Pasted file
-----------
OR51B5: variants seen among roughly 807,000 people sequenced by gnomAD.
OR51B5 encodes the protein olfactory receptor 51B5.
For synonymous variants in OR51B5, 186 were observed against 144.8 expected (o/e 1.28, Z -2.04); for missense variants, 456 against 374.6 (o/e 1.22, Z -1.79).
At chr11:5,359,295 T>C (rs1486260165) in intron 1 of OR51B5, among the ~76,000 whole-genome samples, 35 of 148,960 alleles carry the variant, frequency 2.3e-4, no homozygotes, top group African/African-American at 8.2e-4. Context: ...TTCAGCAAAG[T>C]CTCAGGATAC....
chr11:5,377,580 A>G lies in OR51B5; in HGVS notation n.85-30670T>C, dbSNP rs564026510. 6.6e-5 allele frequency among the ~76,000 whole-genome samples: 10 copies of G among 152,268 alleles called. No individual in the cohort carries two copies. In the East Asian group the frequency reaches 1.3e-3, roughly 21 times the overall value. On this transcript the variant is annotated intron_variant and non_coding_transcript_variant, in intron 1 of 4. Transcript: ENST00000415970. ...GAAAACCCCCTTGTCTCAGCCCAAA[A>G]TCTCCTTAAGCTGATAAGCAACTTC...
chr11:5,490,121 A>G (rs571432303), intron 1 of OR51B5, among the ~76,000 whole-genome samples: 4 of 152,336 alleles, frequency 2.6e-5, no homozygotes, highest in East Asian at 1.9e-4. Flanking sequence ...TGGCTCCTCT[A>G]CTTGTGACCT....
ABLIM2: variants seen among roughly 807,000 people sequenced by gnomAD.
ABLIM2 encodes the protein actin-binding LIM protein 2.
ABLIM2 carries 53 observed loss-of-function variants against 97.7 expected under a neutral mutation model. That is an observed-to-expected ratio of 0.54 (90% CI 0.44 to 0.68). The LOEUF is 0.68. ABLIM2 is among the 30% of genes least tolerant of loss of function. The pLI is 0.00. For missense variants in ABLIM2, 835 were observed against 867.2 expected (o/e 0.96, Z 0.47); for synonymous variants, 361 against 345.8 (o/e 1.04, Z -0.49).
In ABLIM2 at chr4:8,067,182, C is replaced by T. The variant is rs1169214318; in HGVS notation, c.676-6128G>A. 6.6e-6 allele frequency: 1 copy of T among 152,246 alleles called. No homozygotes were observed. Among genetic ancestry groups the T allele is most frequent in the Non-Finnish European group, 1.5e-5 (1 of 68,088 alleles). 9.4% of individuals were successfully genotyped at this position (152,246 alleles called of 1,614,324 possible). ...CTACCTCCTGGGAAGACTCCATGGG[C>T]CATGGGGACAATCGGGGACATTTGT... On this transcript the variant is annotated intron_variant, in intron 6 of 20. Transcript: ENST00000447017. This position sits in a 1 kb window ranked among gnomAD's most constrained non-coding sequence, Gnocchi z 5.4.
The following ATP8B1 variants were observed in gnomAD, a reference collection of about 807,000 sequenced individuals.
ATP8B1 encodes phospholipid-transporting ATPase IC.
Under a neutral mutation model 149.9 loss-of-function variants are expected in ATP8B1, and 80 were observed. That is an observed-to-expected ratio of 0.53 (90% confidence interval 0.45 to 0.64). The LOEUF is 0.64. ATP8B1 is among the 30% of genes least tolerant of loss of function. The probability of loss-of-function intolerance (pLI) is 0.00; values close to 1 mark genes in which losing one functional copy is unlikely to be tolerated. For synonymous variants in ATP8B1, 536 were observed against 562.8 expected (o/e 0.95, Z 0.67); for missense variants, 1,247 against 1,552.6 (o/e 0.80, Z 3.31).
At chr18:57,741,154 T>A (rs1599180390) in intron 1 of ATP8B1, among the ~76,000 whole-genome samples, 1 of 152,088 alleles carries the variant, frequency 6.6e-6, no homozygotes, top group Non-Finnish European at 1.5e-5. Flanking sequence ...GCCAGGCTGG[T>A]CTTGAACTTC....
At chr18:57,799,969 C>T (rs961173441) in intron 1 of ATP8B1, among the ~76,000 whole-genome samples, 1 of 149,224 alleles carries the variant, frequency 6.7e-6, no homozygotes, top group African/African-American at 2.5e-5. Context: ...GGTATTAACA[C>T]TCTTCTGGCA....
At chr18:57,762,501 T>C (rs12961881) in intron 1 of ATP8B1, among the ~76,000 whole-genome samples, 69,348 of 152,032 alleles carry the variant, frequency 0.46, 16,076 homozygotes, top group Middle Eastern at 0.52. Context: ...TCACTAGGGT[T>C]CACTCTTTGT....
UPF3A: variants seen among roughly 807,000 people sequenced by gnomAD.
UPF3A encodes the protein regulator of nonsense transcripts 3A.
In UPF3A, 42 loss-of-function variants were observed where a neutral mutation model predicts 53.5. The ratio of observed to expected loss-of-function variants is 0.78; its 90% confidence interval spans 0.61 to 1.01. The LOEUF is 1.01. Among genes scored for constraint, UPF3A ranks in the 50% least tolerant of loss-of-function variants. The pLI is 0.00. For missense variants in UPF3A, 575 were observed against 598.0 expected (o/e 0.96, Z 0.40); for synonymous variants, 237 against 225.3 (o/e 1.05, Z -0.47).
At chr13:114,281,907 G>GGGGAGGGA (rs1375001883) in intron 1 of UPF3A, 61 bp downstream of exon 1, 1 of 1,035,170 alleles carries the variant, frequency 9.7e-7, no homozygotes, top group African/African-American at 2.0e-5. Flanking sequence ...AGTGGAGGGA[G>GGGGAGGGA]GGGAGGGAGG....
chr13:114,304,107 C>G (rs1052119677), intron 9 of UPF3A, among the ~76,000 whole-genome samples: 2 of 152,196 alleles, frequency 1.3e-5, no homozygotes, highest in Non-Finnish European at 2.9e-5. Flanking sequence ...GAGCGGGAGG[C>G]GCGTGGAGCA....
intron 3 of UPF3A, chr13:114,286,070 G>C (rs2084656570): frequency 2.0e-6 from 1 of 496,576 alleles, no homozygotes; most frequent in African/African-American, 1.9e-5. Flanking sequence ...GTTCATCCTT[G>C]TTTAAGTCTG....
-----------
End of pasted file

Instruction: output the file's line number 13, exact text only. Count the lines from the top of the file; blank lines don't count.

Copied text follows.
Under a neutral mutation model 149.9 loss-of-function variants are expected in ATP8B1, and 80 were observed. That is an observed-to-expected ratio of 0.53 (90% confidence interval 0.45 to 0.64). The LOEUF is 0.64. ATP8B1 is among the 30% of genes least tolerant of loss of function. The probability of loss-of-function intolerance (pLI) is 0.00; values close to 1 mark genes in which losing one functional copy is unlikely to be tolerated. For synonymous variants in ATP8B1, 536 were observed against 562.8 expected (o/e 0.95, Z 0.67); for missense variants, 1,247 against 1,552.6 (o/e 0.80, Z 3.31).